In acting school for an acting class, I was given a stereotypical welfare queen role-unfortunately, too many people (especially professors in this case) at my old school assume that a lot of black women are teenage mothers and welfare queens. I pulled the professor aside and said look man, I don’t like this. I’m a Catholic (technically cafeteria, but that’s a long story), not all black women “put out” or become mothers before the age of 18. This is stereotyping at it’s finest. If you REALLY knew me, you would know that my values wouldn’t allow a guy to disrespect me or use me or my body. That’s not how I roll.
He told me he thought I was good for the role-yeah, you think I’m good for the role because I’m the only black person in here. Why don’t you throw this out and find something else that puts Black people in a better light? Or just throw it out and find another role.
That day I realized that some of my professors had a very warped and horrible idea on how they think black people are.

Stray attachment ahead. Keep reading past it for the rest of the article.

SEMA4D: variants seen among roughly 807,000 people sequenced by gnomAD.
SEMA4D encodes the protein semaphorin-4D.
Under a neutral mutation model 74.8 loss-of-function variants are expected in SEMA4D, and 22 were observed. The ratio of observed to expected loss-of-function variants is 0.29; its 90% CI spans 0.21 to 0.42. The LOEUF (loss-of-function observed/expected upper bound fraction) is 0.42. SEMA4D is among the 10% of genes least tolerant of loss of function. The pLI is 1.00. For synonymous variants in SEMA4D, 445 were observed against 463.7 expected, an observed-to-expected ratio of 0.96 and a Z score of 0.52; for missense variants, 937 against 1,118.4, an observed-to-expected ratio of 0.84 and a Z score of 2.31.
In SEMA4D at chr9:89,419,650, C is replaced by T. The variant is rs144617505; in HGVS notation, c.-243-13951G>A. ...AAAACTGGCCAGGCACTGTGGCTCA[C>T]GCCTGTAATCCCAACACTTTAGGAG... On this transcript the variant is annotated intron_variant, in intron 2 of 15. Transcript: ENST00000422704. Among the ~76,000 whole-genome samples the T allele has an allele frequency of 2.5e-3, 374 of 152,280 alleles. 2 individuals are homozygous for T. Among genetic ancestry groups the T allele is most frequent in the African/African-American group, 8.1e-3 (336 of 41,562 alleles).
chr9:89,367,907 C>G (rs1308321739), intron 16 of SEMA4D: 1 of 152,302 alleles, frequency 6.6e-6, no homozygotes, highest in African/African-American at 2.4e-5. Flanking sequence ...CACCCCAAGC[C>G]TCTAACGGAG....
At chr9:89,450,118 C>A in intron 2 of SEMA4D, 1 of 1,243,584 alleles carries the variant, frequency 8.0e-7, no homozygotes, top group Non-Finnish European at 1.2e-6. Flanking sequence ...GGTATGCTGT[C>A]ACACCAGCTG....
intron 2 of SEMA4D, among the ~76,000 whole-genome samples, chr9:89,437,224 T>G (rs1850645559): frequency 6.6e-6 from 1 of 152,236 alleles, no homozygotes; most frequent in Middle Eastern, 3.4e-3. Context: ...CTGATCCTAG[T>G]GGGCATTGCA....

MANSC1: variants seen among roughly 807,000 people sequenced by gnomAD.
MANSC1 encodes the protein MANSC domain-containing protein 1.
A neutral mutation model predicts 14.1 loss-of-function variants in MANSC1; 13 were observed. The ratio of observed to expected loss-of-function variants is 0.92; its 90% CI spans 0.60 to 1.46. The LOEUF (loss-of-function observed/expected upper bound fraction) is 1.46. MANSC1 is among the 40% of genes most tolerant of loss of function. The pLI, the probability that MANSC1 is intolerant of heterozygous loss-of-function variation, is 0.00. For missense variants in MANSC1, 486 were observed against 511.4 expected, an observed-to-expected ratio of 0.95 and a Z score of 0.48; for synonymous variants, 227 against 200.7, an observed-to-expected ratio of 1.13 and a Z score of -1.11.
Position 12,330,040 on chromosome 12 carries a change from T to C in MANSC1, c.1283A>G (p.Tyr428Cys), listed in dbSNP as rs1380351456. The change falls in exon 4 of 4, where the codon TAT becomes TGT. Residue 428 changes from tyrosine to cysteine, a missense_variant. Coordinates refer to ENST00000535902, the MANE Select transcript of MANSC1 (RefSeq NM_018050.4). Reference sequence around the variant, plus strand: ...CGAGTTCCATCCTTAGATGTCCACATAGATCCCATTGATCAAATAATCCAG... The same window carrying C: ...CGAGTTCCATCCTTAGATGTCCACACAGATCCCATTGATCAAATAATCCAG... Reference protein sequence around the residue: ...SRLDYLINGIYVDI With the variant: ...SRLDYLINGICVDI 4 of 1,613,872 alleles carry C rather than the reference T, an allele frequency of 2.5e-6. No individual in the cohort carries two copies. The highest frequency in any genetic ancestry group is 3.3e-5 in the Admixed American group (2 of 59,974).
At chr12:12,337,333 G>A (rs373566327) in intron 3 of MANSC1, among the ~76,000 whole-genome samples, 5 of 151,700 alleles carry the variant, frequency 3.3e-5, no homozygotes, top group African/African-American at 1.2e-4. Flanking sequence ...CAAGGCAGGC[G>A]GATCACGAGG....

While we have a long way to go, Black Panther showed the world what we already knew: how great black people and culture has always been. We descent from greatness, we are greatness. Our ancestry is something to be proud of and to shout from the mountaintops. We are kings and queens.
When Boseman decided to fight his cancer privately, I related to that. REALLY related.
When I had major surgery, I didn’t say a word on social media. I didn’t have no long Facebook explanations. No tweets saying that I was going to be in the hospital that day.